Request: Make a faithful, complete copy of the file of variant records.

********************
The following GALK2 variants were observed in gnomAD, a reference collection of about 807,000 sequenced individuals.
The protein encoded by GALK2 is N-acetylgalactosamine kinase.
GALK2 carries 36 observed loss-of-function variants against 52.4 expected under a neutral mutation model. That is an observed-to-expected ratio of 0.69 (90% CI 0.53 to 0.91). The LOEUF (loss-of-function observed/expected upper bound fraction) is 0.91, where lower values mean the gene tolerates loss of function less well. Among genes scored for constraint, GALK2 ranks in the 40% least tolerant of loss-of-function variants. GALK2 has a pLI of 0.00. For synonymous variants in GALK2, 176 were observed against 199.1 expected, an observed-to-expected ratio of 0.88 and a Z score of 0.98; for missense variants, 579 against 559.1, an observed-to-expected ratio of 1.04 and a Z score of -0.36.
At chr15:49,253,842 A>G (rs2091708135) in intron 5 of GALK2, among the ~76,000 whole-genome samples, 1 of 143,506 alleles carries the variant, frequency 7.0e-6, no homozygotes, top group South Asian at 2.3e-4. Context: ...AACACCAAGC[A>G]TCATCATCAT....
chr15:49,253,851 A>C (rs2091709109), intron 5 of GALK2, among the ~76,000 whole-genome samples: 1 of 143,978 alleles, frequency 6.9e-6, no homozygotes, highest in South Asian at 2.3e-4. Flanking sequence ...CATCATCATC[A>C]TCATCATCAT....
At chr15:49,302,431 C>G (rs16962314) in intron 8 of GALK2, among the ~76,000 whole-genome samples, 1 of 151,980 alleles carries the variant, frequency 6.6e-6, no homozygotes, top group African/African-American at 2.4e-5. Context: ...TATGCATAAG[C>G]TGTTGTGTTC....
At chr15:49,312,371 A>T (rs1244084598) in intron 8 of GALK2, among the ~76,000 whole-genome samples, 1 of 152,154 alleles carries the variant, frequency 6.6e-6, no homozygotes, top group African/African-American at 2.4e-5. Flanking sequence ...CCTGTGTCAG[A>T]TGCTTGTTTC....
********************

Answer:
The following GALK2 variants were observed in gnomAD, a reference collection of about 807,000 sequenced individuals.
The protein encoded by GALK2 is N-acetylgalactosamine kinase.
GALK2 carries 36 observed loss-of-function variants against 52.4 expected under a neutral mutation model. That is an observed-to-expected ratio of 0.69 (90% CI 0.53 to 0.91). The LOEUF (loss-of-function observed/expected upper bound fraction) is 0.91, where lower values mean the gene tolerates loss of function less well. Among genes scored for constraint, GALK2 ranks in the 40% least tolerant of loss-of-function variants. GALK2 has a pLI of 0.00. For synonymous variants in GALK2, 176 were observed against 199.1 expected, an observed-to-expected ratio of 0.88 and a Z score of 0.98; for missense variants, 579 against 559.1, an observed-to-expected ratio of 1.04 and a Z score of -0.36.
At chr15:49,253,842 A>G (rs2091708135) in intron 5 of GALK2, among the ~76,000 whole-genome samples, 1 of 143,506 alleles carries the variant, frequency 7.0e-6, no homozygotes, top group South Asian at 2.3e-4. Context: ...AACACCAAGC[A>G]TCATCATCAT....
chr15:49,253,851 A>C (rs2091709109), intron 5 of GALK2, among the ~76,000 whole-genome samples: 1 of 143,978 alleles, frequency 6.9e-6, no homozygotes, highest in South Asian at 2.3e-4. Flanking sequence ...CATCATCATC[A>C]TCATCATCAT....
At chr15:49,302,431 C>G (rs16962314) in intron 8 of GALK2, among the ~76,000 whole-genome samples, 1 of 151,980 alleles carries the variant, frequency 6.6e-6, no homozygotes, top group African/African-American at 2.4e-5. Context: ...TATGCATAAG[C>G]TGTTGTGTTC....
At chr15:49,312,371 A>T (rs1244084598) in intron 8 of GALK2, among the ~76,000 whole-genome samples, 1 of 152,154 alleles carries the variant, frequency 6.6e-6, no homozygotes, top group African/African-American at 2.4e-5. Flanking sequence ...CCTGTGTCAG[A>T]TGCTTGTTTC....